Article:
Emerging small towns have been identified as a direct threat to water, sanitation and hygiene sustainability.
As the World Water Day is celebrated today, figures show Kenya’s per capita for water is dwindling rapidly.
Haphazard development can only strain water resources more; there has been an 80 per cent drop in the past 45 years.
Addressing the media, officials of humanitarian organisation Water Aid East Africa pointed out that small towns mainly grow without proper planning, hence the challenge of water.
Ronnie Murungu, the regional programme manager for WaterAid East Africa, said the towns which fall between major cities and rural areas lack programmes that focus on provision of safe water and sanitation services.
“Infrastructure development for small towns is lagging behind and this is creating a big headache as these urban centres continue to expand," said Murungu.
Several urban centres have emerged especially with the advent of devolution, most of them unplanned.
Both the county and national governments have been urged to ensure integrated development plans not only encompass the small towns but also place water at the centre of development.
“We need innovative strategies if we are to make awater a reality for everyone by 2030,” stated Olutayo Bonkale-Bolawole, the regional director of WaterAid East Africa.
Cartels and business interests have been blamed for continuously creating perpetual water shortages.
Sarine Malik, the coordinator of Africa CSO Network, which advocates water and sanitation rights, raised the issue of governance in the water.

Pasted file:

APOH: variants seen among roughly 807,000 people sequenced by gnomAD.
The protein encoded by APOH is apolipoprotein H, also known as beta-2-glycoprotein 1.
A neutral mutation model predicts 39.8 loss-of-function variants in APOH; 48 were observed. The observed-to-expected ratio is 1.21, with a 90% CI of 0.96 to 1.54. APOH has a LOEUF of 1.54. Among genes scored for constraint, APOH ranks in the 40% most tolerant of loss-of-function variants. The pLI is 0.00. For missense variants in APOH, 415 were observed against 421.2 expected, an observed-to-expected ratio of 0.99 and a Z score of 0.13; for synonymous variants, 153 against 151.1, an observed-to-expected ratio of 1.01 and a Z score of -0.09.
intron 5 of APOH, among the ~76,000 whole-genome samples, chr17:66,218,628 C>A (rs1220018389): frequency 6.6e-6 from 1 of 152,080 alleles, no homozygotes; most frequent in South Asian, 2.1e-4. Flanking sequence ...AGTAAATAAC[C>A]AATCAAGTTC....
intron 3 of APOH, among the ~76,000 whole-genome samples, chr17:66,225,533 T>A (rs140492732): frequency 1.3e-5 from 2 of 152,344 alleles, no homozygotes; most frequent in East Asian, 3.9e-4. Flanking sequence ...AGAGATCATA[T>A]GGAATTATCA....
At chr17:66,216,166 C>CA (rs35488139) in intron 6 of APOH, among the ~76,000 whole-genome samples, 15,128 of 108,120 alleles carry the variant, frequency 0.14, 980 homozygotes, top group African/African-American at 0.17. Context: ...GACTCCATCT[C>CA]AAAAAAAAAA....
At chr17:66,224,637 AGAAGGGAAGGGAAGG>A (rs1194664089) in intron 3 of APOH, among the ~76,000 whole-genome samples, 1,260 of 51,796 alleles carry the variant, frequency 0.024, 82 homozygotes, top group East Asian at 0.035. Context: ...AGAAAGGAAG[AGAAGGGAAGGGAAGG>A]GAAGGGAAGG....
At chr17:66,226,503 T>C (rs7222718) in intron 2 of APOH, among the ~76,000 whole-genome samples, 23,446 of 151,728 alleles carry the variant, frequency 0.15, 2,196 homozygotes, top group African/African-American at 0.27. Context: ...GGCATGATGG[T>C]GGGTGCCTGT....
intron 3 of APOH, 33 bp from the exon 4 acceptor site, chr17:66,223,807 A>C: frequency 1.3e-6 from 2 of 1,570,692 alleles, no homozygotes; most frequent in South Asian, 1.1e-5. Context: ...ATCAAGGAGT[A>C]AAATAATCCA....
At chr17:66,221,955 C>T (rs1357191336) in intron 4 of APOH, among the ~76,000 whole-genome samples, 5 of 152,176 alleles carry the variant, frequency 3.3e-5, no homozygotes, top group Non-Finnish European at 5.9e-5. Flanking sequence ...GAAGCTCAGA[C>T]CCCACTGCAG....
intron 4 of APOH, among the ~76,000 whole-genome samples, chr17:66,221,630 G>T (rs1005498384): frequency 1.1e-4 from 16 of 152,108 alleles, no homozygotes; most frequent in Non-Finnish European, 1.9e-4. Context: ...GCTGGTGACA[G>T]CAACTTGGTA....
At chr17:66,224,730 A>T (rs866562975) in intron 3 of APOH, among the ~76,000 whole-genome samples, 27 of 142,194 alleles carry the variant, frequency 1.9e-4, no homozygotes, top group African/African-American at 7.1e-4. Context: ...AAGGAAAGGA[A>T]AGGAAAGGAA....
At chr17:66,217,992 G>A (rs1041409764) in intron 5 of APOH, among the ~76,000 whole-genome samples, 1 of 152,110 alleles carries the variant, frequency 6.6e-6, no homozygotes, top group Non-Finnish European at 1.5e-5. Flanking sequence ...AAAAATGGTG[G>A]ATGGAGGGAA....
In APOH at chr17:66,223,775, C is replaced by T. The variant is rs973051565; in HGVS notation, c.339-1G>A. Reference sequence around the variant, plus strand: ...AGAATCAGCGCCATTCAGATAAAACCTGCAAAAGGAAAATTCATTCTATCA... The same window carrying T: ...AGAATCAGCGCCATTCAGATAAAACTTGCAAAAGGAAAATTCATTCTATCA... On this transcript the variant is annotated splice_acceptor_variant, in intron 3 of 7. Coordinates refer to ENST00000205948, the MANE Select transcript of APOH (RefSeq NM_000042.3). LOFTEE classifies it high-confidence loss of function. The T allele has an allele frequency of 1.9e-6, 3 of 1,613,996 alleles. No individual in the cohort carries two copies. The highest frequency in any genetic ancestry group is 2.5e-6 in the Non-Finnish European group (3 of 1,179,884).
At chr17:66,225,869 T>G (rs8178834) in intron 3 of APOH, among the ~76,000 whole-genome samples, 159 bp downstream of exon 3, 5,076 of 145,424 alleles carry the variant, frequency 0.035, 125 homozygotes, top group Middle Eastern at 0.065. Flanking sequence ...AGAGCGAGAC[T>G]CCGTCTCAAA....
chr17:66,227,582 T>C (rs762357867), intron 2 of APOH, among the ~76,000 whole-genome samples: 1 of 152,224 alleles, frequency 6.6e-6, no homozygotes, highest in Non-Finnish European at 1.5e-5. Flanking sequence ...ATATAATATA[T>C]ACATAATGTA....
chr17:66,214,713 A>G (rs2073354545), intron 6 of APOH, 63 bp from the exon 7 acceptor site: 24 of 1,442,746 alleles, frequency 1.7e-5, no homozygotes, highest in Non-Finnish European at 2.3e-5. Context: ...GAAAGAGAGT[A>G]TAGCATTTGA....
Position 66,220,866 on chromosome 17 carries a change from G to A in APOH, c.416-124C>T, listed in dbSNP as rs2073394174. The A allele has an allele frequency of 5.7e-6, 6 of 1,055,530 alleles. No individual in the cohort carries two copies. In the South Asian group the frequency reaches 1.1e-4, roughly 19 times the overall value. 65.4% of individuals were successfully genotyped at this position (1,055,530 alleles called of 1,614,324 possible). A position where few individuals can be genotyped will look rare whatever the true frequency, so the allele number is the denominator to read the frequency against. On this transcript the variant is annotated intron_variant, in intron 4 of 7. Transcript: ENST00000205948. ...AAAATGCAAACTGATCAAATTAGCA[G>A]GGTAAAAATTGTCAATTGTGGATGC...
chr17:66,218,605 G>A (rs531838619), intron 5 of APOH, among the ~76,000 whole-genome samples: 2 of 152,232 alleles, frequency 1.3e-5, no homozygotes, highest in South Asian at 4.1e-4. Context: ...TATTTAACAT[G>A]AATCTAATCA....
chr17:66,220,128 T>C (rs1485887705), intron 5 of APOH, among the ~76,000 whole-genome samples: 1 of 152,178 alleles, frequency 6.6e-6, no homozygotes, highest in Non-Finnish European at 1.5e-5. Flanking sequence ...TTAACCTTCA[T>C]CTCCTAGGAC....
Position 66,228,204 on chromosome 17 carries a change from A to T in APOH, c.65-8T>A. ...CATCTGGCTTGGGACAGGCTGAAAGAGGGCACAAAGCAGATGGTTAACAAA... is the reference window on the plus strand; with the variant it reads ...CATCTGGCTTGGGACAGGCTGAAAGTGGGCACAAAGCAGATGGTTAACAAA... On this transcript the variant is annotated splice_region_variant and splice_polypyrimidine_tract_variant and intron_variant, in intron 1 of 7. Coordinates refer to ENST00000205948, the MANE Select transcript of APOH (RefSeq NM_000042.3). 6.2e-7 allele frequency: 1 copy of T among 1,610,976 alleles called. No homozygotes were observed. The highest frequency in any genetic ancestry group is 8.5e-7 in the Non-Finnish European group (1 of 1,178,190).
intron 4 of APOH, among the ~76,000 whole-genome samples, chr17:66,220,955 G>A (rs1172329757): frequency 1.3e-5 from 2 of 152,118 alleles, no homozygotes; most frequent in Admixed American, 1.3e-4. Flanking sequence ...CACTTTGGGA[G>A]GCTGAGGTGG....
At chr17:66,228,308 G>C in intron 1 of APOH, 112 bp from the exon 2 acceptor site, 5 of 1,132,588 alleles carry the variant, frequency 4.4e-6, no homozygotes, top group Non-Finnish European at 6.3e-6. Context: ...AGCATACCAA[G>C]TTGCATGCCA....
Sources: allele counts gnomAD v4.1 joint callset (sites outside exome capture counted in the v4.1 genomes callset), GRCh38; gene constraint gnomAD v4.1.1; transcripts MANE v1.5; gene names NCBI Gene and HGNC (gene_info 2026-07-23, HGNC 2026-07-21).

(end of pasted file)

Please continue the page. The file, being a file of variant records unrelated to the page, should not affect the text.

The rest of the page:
The coordinator said there is a failure in enforcement which has allowed cartels to deny millions of Kenyans water.
“Nobody should supply water without some form of licence. This needs a joint effort to enforce; unless there is clear political will then it is a problem that will continue proving difficult to solve,” Malik said.
The concerns come at time when water resources in the East African region are dwindling. Kenya’s per capita water resource currently stands at less than 500 cubic metres per person, the lowest in East Africa. Uganda has the highest at 2,800 cubic metres, while Tanzania is at 1,600 cubic metres after a 50 per cent drop in 25 years.
Dr Ibrahim Kabole, the country director for WaterAid Tanzania, said one of the ways to save water could include wastewater treatment.
“Wastewater management is a viable option because with any new water project, the truth is that half of all the water will end up as wastewater,” he said.
But Bolawole added that even safe water is being wasted and there is need to find out where these wastages are coming from.